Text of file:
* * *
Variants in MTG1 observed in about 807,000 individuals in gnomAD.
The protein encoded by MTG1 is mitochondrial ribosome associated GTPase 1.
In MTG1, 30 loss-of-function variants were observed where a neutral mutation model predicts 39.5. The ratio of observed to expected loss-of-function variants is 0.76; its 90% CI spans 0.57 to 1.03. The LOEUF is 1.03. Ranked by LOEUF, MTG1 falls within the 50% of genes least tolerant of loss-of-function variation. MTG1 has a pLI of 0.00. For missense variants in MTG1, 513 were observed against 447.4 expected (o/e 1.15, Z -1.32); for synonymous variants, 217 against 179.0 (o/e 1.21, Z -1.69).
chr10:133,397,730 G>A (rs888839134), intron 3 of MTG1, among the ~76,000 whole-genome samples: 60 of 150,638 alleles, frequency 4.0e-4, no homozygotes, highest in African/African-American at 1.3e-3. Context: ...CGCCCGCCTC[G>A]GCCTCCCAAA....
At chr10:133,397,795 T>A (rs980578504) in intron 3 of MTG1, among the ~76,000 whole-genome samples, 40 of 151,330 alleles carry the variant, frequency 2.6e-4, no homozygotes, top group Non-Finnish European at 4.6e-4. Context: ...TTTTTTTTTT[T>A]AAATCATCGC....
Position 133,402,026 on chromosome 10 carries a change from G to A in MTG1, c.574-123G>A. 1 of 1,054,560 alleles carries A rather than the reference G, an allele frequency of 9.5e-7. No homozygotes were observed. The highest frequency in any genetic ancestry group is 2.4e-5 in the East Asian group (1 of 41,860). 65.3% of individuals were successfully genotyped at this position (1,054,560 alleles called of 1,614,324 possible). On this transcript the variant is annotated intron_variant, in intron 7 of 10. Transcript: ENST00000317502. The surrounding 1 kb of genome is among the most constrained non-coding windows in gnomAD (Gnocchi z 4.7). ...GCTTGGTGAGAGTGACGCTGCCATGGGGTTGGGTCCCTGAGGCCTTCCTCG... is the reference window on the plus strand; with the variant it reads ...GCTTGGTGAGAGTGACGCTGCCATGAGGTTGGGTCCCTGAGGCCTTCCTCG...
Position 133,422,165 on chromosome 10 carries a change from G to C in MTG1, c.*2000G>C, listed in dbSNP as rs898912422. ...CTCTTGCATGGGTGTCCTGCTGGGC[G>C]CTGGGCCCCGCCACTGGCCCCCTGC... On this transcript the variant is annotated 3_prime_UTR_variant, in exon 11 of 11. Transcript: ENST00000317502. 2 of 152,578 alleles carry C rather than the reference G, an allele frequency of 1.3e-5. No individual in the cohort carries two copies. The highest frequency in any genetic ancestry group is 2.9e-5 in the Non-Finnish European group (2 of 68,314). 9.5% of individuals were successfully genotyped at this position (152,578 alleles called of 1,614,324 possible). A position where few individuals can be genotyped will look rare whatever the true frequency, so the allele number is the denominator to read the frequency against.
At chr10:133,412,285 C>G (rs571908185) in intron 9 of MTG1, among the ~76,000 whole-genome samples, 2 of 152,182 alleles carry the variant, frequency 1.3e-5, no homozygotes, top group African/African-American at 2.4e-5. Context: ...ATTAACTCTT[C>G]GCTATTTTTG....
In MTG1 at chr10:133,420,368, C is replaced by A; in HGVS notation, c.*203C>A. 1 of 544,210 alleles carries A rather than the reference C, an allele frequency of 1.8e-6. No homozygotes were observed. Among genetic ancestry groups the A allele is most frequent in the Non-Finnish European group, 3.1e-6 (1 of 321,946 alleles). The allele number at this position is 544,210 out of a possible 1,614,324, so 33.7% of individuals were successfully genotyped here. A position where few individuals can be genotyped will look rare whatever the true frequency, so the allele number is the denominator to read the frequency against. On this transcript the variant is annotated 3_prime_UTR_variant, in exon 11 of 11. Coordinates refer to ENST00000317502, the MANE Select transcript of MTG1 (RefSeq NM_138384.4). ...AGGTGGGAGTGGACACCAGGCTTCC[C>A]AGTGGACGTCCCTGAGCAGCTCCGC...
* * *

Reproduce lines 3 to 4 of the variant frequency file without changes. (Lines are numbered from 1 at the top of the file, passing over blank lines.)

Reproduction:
In MTG1, 30 loss-of-function variants were observed where a neutral mutation model predicts 39.5. The ratio of observed to expected loss-of-function variants is 0.76; its 90% CI spans 0.57 to 1.03. The LOEUF is 1.03. Ranked by LOEUF, MTG1 falls within the 50% of genes least tolerant of loss-of-function variation. MTG1 has a pLI of 0.00. For missense variants in MTG1, 513 were observed against 447.4 expected (o/e 1.15, Z -1.32); for synonymous variants, 217 against 179.0 (o/e 1.21, Z -1.69).
chr10:133,397,730 G>A (rs888839134), intron 3 of MTG1, among the ~76,000 whole-genome samples: 60 of 150,638 alleles, frequency 4.0e-4, no homozygotes, highest in African/African-American at 1.3e-3. Context: ...CGCCCGCCTC[G>A]GCCTCCCAAA....